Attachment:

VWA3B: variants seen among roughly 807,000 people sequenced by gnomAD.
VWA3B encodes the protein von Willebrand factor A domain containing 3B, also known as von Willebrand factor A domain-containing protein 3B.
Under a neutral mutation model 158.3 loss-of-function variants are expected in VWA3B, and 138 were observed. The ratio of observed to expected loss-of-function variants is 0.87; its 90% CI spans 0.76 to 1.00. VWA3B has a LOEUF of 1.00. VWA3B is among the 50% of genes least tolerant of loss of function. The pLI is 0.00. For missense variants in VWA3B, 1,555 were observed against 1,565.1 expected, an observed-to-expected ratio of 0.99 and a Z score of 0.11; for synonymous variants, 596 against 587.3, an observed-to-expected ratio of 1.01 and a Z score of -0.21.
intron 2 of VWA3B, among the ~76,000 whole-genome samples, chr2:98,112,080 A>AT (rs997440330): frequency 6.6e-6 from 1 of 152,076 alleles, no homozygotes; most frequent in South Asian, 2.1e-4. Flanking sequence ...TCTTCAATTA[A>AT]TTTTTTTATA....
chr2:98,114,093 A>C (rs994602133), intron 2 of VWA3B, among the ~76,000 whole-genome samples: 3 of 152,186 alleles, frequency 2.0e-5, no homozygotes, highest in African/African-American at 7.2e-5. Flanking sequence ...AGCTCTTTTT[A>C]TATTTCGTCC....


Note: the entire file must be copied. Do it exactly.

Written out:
VWA3B: variants seen among roughly 807,000 people sequenced by gnomAD.
VWA3B encodes the protein von Willebrand factor A domain containing 3B, also known as von Willebrand factor A domain-containing protein 3B.
Under a neutral mutation model 158.3 loss-of-function variants are expected in VWA3B, and 138 were observed. The ratio of observed to expected loss-of-function variants is 0.87; its 90% CI spans 0.76 to 1.00. VWA3B has a LOEUF of 1.00. VWA3B is among the 50% of genes least tolerant of loss of function. The pLI is 0.00. For missense variants in VWA3B, 1,555 were observed against 1,565.1 expected, an observed-to-expected ratio of 0.99 and a Z score of 0.11; for synonymous variants, 596 against 587.3, an observed-to-expected ratio of 1.01 and a Z score of -0.21.
intron 2 of VWA3B, among the ~76,000 whole-genome samples, chr2:98,112,080 A>AT (rs997440330): frequency 6.6e-6 from 1 of 152,076 alleles, no homozygotes; most frequent in South Asian, 2.1e-4. Flanking sequence ...TCTTCAATTA[A>AT]TTTTTTTATA....
chr2:98,114,093 A>C (rs994602133), intron 2 of VWA3B, among the ~76,000 whole-genome samples: 3 of 152,186 alleles, frequency 2.0e-5, no homozygotes, highest in African/African-American at 7.2e-5. Flanking sequence ...AGCTCTTTTT[A>C]TATTTCGTCC....